Or if you usually add frozen broccoli or beans to your dinner, you might consider using artichokes or green peppers to switch them over.
You can do the same with anything you buy.
If these are completely uncomfortable for you, don't force them. However, if you are simply in the habit of buying the same staples and want to take advantage of other options as well, try this tip!
3. Use products that are available in more than one color
Lots of fruits and vegetables come in different colors – think red, green and yellow peppers, orange carrots and purple carrots, red apples and green apples!
An easy switch to some of your favorites is to just buy the other color option (or better yet, buy a mix of the options)!
Here is a good example. If you love carrots and hummus as a snack, you can get a variety of nutrients by having both purple and orange carrot options, or orange for one week and purple the next week.
The great thing about this tip is that, in many cases, it doesn't drastically change the flavor profile of your diet. There may be a subtle difference, but overall, your favorite recipes or snacks taste similar and add variety at the same time.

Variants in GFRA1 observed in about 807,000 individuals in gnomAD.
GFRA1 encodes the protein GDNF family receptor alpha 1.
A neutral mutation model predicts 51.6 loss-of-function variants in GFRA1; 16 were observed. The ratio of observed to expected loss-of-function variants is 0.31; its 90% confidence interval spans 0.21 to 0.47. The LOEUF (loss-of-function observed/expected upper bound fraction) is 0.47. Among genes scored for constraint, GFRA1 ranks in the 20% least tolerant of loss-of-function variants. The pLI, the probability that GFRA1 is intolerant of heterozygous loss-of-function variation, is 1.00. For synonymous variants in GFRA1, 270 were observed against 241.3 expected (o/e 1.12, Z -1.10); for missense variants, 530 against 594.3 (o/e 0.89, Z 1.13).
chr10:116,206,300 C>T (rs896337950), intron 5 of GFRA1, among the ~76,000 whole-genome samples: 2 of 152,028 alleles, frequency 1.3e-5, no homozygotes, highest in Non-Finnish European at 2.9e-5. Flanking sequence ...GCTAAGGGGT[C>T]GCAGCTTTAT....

4. If necessary, use the frozen foods section
Fresh fruits and vegetables are great, but don't let their short shelf life stop you from taking advantage of their consumption!
If you find that you cannot buy certain fruits or vegetables fresh, go to the frozen food section. The nutritional composition is just as good and they last twice as long. Make sure to check out the ingredients list on the back – you just want to see the food you are buying, nothing else.
5. Make it fun for your children to eat the rainbow too!
Colors are a great way to engage young children and make eating a little more fun. Our friend, registered nutritionist and founder of Kids Eat in Color, Jennifer Anderson, is an expert in encouraging picky toddlers and toddlers to eat more fruits and vegetables by teaching the eating of the rainbow for both parents and children makes fun and easy! Your Instagram is full of simple lessons!
If you enjoy eating the rainbow and having fun for the whole family, you can follow this guideline too!